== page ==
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What does the Bible say about forgiveness? How does forgiveness really work?

When Forgiveness Hurts — by Dr. Evan Parks

Postby jimwalton » Mon Mar 24, 2014 10:56 am

Does forgiveness set us free and break the chains that bind us? For some people, this may be true—we are set free from bitterness and resentment when we forgive. But what happens to the pain we feel? What happens when we forgive, and we still hurt? Sometimes we are faced with hurtful people who do not change and painful situations that will not go away. What do we do then?

We learn the word “forgiveness” as young children, and we assume we know what the word means. Let me challenge your understanding of this word. How do you define it? Does it mean forgetting? Does it mean we pretend that nothing ever happened? These are the common definitions we hear.

Words that are associated with values and ethics, like the word forgiveness, require us to look at what God teaches about the concept. He is the one who gives the correct meaning to ideas like forgiveness, goodness, and evil. In the Bible, we find there are two types of forgiveness; there is forgiveness that God provides and forgiveness that we extend to others and ourselves.

God’s Forgiveness

There is no portion of the Bible that does not include some picture, story, or direct teaching on the concept of forgiveness. It is central to the message of Scripture. God forgives our sin. God’s heart of love and compassion for humankind is beyond our ability to fully comprehend. It is not just God’s love that drives His forgiveness. God is just. In order for God to forgive, He must also be just and punish sin.
The forgiveness that God offers can be called, “judicial forgiveness”. Judicial forgiveness is forgiveness that can only be given by someone who has the right to judge and sentence others. God has this right over all of us. There are three elements of judicial forgiveness.

1. God’s forgiveness completely removes sin (1 John 1:9). God removes a person’s sin and replaces it with righteousness.

2. God’s forgiveness requires justice—God has to punish sin. The forgiveness we receive from God is only possible because Jesus Christ absorbed the full weight of God’s wrath and punishment on himself. This was the punished we were meant to receive. God says that His judicial forgiveness requires shed blood (Heb. 9:22).

3. God’s forgiveness is only available to the person who turns away from their sin and asks for forgiveness (Acts 3:19).

In summary, we can see when God forgives:
• He completely removes sin.
• He requires shed blood.
• He requires repentance.

We also know from the Bible that God’s forgiveness does not always remove the consequences of our sin. When Israel rebelled against God in the desert and refused to enter the Promised Land, God forgave them. He completely removed their sin, but He did not remove the consequences of their rebellion. Those who rebelled were not allowed to enter the Promised Land (Num. 14:20-23). The same is true when God forgave David for his sin with Bathsheba (2 Sam. 12:10-14). Forgiveness was immediate, yet the consequences of the sin remained in David’s life and on his family.

Personal Forgiveness

Our forgiveness of others needs to be modeled after the example we have from God. How does this work if we cannot remove sin or administer true justice for the punishment of sin? Obviously, our forgiveness is limited when compared to God’s. When we forgive others, they will still need to seek forgiveness from God and turn from their sin to be truly forgiven. There are four key elements of our forgiveness that are patterned after God’s judicial forgiveness.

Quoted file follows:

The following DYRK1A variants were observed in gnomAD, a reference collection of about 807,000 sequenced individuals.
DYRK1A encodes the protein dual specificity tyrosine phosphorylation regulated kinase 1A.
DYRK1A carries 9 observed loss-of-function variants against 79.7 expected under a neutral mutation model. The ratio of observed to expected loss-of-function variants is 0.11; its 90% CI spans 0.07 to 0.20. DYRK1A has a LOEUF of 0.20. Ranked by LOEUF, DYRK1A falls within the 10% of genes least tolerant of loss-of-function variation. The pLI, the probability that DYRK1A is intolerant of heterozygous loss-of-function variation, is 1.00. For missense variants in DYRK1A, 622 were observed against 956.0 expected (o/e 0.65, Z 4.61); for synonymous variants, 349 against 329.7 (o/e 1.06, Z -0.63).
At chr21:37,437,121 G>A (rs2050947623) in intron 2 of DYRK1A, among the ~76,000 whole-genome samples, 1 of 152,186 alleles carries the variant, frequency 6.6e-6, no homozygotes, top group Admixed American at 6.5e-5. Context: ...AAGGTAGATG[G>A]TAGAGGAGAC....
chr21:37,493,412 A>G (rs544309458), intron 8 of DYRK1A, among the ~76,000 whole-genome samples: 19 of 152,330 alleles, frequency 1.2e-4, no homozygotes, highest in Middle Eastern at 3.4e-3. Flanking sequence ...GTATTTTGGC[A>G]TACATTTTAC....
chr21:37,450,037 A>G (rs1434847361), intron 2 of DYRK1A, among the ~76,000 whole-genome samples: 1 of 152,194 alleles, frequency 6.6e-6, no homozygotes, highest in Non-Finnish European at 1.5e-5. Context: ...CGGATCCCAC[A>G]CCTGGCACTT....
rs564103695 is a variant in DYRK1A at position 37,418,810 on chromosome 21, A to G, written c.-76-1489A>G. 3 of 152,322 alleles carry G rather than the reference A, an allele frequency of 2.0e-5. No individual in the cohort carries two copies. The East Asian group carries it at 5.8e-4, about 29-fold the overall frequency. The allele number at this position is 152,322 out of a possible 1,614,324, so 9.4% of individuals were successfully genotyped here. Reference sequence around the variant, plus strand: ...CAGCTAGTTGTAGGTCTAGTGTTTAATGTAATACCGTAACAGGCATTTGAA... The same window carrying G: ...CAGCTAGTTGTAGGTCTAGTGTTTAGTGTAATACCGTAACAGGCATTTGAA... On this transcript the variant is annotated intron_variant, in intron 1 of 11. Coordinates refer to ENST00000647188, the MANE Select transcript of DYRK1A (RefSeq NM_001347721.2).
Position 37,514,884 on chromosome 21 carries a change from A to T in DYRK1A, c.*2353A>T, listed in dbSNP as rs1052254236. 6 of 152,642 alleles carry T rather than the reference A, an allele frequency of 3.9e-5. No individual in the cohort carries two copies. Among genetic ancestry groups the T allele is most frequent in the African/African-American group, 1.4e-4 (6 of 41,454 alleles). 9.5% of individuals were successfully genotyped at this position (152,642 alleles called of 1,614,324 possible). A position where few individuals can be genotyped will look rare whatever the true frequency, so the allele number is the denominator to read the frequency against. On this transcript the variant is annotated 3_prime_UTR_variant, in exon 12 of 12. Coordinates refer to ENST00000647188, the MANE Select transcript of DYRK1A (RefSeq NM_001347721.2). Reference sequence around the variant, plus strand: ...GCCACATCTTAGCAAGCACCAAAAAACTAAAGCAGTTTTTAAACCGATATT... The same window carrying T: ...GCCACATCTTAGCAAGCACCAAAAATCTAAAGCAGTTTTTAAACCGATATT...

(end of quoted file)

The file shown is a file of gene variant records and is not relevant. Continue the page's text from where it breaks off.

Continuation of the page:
1. Personal forgiveness requires that we let go of our desire for personal revenge. The main reason we don’t forgive is our wish for the person who hurt us to experience the same pain that we feel. This wish that someone suffer as we suffer is called revenge. Revenge is the exact opposite of forgiveness. When we forgive, we give up our desire that another person experiences our pain. This is hard to do. But we can see that when God forgives, He turns away from vengeance (1 Pet. 2:23). He takes away the threat of punishment and pain for the person who has sinned.

2. The second element of forgiveness is that we bear the pain others have caused us. Again, this is exactly what God has done (1 Pet. 3:18). He took on himself the pain that we caused Him. Every time we participate in communion (the Lord’s Supper), we are invited by God to remember that our forgiveness caused God to lose His only Son (1 Cor. 11:23-26). When we forgive, we too will have to carry the pain others have caused us. I believe it is only with God’s help we will be able to bear this burden. He will give us the strength we need and the peace that truly satisfies.

3. The third element of personal forgiveness is our need to extend grace to the one who hurt us (Matt. 5:43-48). We do not ignore the difficult people in our lives, but we ask God for the opportunity to bless them. This may simply begin by being willing to pray for those who have caused us pain, and to wish for their blessing.

4. Finally, when we forgive others, we need to leave room for God’s judgment. Given that we are made in God’s image, we desire justice. Our longing for things to be made right is normal, but we have to turn this desire over to God and trust that he will do what is right. We can have confidence that He will be deal with all sin and unrighteousness (Romans 12:17-21).

We are called to be like God in all that we do. When we forgive, we give up our demand that others pay for the injustice against us, and we drop the evidence against them. Doing this comes at a cost to us personally. Taking a step in the direction of forgiveness requires faith. We can trust that God’s plan is the best.

- Dr. Evan Parks
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